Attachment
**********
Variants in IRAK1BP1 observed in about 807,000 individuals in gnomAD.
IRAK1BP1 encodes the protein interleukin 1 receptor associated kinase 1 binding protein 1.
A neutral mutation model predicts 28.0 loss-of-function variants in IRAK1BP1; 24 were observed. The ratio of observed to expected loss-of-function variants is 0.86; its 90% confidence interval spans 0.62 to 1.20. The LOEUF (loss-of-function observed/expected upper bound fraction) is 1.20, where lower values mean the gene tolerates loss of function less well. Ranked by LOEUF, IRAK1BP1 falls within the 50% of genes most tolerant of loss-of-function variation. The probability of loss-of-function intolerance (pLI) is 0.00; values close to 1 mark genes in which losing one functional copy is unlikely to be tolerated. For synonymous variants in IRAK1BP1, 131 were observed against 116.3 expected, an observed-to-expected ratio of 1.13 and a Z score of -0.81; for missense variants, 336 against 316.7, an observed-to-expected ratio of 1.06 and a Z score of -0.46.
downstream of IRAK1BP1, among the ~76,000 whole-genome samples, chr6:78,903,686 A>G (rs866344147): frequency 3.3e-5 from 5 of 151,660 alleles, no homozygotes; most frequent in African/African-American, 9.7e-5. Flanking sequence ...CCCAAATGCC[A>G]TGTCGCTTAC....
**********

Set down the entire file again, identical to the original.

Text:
Variants in IRAK1BP1 observed in about 807,000 individuals in gnomAD.
IRAK1BP1 encodes the protein interleukin 1 receptor associated kinase 1 binding protein 1.
A neutral mutation model predicts 28.0 loss-of-function variants in IRAK1BP1; 24 were observed. The ratio of observed to expected loss-of-function variants is 0.86; its 90% confidence interval spans 0.62 to 1.20. The LOEUF (loss-of-function observed/expected upper bound fraction) is 1.20, where lower values mean the gene tolerates loss of function less well. Ranked by LOEUF, IRAK1BP1 falls within the 50% of genes most tolerant of loss-of-function variation. The probability of loss-of-function intolerance (pLI) is 0.00; values close to 1 mark genes in which losing one functional copy is unlikely to be tolerated. For synonymous variants in IRAK1BP1, 131 were observed against 116.3 expected, an observed-to-expected ratio of 1.13 and a Z score of -0.81; for missense variants, 336 against 316.7, an observed-to-expected ratio of 1.06 and a Z score of -0.46.
downstream of IRAK1BP1, among the ~76,000 whole-genome samples, chr6:78,903,686 A>G (rs866344147): frequency 3.3e-5 from 5 of 151,660 alleles, no homozygotes; most frequent in African/African-American, 9.7e-5. Flanking sequence ...CCCAAATGCC[A>G]TGTCGCTTAC....